Of course, the answer to what's next is Finals. If only a boy scout could explain what those involved like he explained fireworks to the baby barn owl. But in the meantime there are plenty of distractions in store. First of all, the summer holidays. A post about our recent choir tour to Germany will follow…then came a bit of work on the dissertation, mingled with the release of the last harry potter book (a few chapters left now…) and a 21st party for two friends on saturday, which involved a combination of bouncy castle and pouring rain…
More dissertation work to come, hopefully combined with some punting tour work here and there. I'll be off up to Edinburgh for a weekend, and then helping put the finishing touch to Elizabeth's wedding preparations: the big day is August 11th! Then at the end of August I'm off to Romania, but I shall write more about that nearer the time.
Persons in Cambridge and/or within reach of Cambridge, let me know and we shall meet up!

The End of an Era

No sooner was I back from England than Laura and Cristina, two of my best Italian friends, arrived on the train from Parma for the weekend, bearing much cheese and salami and enjoying a swift but fun tour of Lyon's best delights before dashing back again to face exams.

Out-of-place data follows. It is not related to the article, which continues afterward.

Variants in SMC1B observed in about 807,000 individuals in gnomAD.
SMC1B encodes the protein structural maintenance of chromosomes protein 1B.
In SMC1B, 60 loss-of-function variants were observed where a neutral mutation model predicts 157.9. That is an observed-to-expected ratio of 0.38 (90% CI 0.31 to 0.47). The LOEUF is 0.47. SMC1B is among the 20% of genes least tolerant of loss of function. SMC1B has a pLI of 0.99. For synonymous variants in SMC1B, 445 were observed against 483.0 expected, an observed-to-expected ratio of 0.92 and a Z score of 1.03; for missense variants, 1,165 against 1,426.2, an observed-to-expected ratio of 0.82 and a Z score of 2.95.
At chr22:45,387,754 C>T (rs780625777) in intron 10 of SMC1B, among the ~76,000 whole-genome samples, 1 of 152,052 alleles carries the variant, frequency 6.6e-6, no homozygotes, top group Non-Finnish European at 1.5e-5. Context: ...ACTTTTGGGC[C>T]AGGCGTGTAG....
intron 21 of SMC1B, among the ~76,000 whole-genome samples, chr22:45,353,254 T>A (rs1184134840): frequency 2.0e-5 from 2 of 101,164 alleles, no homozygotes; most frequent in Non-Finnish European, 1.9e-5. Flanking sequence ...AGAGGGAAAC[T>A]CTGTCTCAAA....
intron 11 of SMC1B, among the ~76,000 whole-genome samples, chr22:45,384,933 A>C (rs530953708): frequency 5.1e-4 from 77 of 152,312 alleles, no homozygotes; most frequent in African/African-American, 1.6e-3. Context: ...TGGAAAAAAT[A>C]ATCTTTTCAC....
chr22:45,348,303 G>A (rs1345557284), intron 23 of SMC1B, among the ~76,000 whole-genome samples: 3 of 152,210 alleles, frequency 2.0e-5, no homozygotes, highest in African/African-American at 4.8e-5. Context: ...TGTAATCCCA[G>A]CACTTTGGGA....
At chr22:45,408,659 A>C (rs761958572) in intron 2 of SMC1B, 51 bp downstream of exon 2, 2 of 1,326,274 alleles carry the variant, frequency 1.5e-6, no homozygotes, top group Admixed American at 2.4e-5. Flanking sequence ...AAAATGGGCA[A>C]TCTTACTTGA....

The last week of June then promptly disappeared in a muddle of flatmates coming and going, negociations with the next people to occupy our wonderful flat, worries about what to do with most of the furniture, packing, and a sense that we ought to be making the most of the last few days together and not faffing around with rental agencies, cleaning or furniture removal. We managed a couple of relaxed nights in during which most of my friends who were still in Lyon popped round to say goodbye, not that it felt permanent at that point! It didn't really sink in that we weren't coming back to live in that lovely flat until Gareth and I were walking along the road with our suitcases, and even then it felt rather as if we were going on holiday (well, Gareth pretty much was as he has now returned to Lyon, albeit to a different flat)! We met Louise, a girl I'd met at church and who was on an engineering erasmus year, at the airport, and travelling together distracted us a bit from the reality of leaving it all behind.
It did feel like the end of an era that week, and it was the end of this blog's first era too: I shall no longer be reporting much on the whims and wonders of the French lifestyle, although I shall attempt to carry on reporting the odd thing or two of interest from life back in the UK now that I am a grown up linguist (or something like that).